Other sections of your notebook can be sorted by rooms, which can hold pictures of furniture and corresponding swatches of fabric, paint samples, flooring ideas, lamps and even art. This will help you visualize your room and foresee any adjustments in colors or patterns. It will also help you determine if you need more goods for the room or project.
In terms of measurements, the more the better. You’ve all heard the construction adage, “Measure twice; cut once.” The same holds true for any aspect of the design project. You may have measured the size of the window, but did you measure how far the sill is from the floor, the space above the edge of the window to the ceiling or crown molding, or the space on either side of the window? While you may think these dimensions are excessive, they are not. They’ll be timesavers when you need to know what type and size hardware you need for a pair of drapes or how much wall space you have for art.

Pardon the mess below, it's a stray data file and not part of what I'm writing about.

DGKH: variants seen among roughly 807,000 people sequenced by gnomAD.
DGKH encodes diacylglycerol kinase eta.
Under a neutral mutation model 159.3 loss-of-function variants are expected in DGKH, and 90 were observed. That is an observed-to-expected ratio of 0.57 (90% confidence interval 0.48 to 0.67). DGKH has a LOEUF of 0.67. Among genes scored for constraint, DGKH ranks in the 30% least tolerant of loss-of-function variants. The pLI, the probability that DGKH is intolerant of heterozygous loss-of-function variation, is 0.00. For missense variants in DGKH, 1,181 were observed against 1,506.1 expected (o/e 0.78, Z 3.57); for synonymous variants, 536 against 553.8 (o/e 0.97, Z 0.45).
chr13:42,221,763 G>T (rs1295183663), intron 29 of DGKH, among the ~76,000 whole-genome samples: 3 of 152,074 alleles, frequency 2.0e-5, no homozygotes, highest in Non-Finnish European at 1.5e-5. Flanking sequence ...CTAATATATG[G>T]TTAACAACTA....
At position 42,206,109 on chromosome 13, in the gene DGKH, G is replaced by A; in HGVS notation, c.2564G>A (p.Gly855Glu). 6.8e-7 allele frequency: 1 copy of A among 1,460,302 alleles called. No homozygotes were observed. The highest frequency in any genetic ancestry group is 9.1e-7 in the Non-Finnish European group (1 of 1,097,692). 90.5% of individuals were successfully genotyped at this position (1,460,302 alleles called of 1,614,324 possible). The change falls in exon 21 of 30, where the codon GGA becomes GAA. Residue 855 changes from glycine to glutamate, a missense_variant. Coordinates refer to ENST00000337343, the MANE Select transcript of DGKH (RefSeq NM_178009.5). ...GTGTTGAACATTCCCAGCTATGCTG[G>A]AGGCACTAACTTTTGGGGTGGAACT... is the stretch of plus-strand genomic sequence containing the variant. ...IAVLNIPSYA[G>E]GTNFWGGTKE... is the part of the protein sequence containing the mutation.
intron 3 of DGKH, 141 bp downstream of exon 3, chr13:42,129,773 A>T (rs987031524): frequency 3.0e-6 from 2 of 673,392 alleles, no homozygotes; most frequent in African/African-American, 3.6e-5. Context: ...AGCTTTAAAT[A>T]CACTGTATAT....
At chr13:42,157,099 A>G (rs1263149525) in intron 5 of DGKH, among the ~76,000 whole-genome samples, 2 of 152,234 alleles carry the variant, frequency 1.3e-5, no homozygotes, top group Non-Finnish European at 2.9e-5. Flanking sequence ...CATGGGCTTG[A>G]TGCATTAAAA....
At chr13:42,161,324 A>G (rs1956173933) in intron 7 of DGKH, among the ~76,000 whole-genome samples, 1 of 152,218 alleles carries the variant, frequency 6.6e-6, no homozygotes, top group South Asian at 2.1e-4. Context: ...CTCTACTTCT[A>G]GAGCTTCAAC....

Every little bit of information adds up to inform the designer or yourself about your home. Many think of the interior design profession as easy or frivolous, but nothing can be further from the truth. Every decision made by a designer or homeowner costs money, and when mistakes are made, it increases the cost of even the smallest renovation. Take my advice, and before buying the first box of nails, get a notebook … and use the darn thing!
Joseph Pubillones is the owner of Joseph Pubillones Interiors, an award-winning interior design firm based in Palm Beach, Fla.